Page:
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Spieth keeps momentum, leads World Challenge

WINDERMERE, Fla. – Jordan Spieth has been around the world and back the past few days – so it’s only natural that the 21-year-old wunderkind grabbed the first-round lead at the Hero World Challenge.

Spieth, just five days removed from a dominating victory at the Emirates Australian Open, carded a 6-under 66 Thursday at Isleworth Golf and Country Club to take a one-shot lead among one of golf’s most impressive fields of the year.

“Six under on this course is a really good round,” said Spieth, who won by six last Sunday in Australia and nearly won the Dunlop Phoenix in Japan the week earlier. “I came here with a lot of confidence, and I played very well today.”

After starting his round on a high note with a birdie at the first, Spieth caught fire at No. 6, rattling home five consecutive birdies. None was more important than the tap-in at the seventh.

“I opened the face for kind of a spinner, and it came out perfectly and took one hop and just checked and almost went in. Hit the lip,” Spieth said of his pitch to the par-5 green from a downhill, sidehill slope. “That was a big birdie to grab.”

He missed several makable putts coming down the stretch but capped his round with a curling 12-footer for par at 18.

“I said, ‘Let’s just put a little smoother stroke on this and let it die in,’” Spieth said.

And it did.

Spieth is jet-lagged from traveling to Japan and Australia but hopes to ride the momentum of his strong play to another victory.

“I hit it the best I’ve hit it since maybe the spring in Japan,” Spieth said. “I didn’t hit it great last week, but I putted out of my mind.”

He credited his swing coach, Cameron McCormick, for making a minor tweak to his path when they practiced on the putting green in Australia ahead of the tournament in Sydney.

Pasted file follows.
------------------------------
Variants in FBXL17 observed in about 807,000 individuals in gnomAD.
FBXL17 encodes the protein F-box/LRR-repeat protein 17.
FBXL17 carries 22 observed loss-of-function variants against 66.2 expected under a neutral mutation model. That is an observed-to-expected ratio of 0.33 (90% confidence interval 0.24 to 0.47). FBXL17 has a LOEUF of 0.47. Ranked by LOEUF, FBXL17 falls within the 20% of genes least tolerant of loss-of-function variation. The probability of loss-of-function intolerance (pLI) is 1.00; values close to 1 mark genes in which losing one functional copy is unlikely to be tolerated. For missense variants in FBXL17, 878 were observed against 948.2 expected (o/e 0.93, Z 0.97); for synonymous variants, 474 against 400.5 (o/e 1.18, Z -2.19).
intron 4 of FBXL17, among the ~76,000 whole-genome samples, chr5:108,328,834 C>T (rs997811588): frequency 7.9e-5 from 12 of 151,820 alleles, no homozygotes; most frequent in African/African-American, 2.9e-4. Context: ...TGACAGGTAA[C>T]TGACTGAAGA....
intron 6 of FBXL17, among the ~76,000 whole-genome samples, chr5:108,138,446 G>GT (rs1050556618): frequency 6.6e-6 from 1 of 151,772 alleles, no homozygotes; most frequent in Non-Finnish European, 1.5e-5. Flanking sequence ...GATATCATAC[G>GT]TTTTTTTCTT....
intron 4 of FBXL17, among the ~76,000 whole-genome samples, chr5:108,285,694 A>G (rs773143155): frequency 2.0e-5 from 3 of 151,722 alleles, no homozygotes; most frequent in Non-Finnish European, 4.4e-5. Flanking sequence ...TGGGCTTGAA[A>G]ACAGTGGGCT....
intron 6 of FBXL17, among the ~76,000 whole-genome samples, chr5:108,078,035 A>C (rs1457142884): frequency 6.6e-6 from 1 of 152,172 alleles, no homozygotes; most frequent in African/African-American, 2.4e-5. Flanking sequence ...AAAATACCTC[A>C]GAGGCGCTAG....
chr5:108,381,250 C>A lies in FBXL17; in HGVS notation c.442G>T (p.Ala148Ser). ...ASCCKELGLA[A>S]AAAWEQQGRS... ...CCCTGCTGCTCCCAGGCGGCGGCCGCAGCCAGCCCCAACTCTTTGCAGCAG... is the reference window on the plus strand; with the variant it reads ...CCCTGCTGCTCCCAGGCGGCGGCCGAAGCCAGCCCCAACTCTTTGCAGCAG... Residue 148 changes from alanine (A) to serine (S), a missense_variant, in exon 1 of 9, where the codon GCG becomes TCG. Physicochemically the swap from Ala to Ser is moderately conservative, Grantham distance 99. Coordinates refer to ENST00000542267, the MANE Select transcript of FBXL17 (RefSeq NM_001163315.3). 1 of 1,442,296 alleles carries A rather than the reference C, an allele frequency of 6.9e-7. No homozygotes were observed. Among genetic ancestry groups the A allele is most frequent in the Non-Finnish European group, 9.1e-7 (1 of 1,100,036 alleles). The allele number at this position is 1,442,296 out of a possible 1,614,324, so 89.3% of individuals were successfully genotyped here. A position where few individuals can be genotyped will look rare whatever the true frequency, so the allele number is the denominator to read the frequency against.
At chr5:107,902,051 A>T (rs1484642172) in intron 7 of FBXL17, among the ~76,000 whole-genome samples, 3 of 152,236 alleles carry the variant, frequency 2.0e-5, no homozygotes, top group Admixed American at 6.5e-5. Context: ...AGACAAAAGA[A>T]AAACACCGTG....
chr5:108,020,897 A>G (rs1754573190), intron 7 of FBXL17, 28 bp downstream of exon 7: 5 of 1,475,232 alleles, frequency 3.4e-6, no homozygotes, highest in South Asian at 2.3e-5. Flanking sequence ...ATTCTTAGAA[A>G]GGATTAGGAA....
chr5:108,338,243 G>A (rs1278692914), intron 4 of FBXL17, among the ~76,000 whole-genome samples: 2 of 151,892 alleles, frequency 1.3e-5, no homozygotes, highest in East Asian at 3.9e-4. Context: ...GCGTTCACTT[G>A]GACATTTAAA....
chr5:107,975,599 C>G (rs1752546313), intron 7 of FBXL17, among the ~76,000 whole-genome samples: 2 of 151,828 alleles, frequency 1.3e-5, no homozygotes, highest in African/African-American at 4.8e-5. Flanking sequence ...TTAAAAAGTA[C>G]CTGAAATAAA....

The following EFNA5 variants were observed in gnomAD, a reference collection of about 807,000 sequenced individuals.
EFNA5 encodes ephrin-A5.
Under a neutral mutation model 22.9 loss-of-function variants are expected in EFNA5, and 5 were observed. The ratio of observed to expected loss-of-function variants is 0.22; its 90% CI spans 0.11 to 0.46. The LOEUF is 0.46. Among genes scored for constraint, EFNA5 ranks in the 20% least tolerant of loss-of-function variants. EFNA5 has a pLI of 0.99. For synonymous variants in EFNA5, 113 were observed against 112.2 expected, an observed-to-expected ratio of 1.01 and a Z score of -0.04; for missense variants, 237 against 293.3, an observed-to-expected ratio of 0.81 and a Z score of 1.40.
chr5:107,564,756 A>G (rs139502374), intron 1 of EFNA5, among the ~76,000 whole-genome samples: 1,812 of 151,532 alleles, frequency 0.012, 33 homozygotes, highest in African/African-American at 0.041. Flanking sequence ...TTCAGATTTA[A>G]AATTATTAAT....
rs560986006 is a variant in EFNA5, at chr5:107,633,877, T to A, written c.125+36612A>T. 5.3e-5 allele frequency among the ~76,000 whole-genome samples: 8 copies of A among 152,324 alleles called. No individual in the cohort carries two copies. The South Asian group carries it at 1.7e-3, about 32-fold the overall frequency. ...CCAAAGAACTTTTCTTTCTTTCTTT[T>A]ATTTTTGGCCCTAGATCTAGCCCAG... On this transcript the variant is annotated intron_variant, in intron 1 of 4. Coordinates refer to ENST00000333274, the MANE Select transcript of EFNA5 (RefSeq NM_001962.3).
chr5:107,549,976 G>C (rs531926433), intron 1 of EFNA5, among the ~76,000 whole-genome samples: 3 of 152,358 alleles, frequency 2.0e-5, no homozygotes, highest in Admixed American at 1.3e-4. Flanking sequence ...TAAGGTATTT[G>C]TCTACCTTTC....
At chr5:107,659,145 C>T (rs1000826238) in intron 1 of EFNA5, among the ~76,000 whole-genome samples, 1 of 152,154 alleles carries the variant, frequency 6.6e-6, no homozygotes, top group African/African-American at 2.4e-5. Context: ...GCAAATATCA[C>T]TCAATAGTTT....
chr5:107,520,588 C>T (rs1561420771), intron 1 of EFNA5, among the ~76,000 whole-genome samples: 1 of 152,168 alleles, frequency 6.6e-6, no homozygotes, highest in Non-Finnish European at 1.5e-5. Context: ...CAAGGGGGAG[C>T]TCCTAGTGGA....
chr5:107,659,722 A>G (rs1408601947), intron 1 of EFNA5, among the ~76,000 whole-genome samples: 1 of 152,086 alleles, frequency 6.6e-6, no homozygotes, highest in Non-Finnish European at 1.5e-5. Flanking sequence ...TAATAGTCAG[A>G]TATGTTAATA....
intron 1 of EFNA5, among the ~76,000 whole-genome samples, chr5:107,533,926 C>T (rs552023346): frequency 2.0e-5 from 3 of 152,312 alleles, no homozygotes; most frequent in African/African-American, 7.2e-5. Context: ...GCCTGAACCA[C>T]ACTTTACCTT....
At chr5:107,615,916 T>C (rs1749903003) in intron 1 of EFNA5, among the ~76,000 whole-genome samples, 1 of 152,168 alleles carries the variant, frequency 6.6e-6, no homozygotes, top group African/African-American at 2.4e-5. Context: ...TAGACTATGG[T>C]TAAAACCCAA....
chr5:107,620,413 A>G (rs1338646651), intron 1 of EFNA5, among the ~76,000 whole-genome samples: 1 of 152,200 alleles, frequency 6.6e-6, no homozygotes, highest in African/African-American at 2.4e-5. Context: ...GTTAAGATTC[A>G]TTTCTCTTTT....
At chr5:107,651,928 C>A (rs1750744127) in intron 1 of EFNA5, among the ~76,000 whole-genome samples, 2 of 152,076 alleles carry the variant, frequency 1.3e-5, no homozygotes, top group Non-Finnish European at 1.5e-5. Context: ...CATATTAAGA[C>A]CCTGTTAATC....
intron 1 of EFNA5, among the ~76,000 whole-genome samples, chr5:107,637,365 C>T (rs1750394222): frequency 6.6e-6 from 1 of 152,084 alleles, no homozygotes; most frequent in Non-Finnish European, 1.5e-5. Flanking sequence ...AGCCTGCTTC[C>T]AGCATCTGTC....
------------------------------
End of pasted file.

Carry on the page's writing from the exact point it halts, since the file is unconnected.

“It was something so minor that I wouldn’t have been able to tell,” he said. “But it freed me up and gave me the confidence inside 10 feet to be aggressive. This week I’m just trying to continue that and get my ballstriking where it was last week or even in Japan.”

But the youngster has some big names nipping at his heels entering Friday’s second round.

Defending champion Zach Johnson shot a 5-under 67 to share second with Rickie Fowler, Steve Stricker and Henrik Stenson. Three more players, including Lake Nona’s Graeme McDowell, were a shot further removed after 68s.

“I gave myself a lot of opportunities today,” said Johnson, who won this event last year with a memorable hole-out down the stretch at Sherwood Country Club in California. “I don’t think I missed a green today; maybe I missed one fairway.”

For tournament host Tiger Woods, however, the day wasn’t quite so kind.

The 14-time major champion bogeyed the first hole and never recovered, carding a 77 in his first competitive round since the PGA Championship in August.

“I didn’t feel like I hit it that poorly,” Woods said, “I hit a lot of good shots. But my short game was just awful. It was one of those days where nothing went my way.”

Still, the former World No. 1 remained optimistic after the round and echoed a familiar philosophy that golf fans have come to expect from him over the years.

“I’ve got three more days,” he said. “If I can get under par for the tournament after tomorrow and then put together a really good weekend, you never know.”

– Adam Schupak contributed

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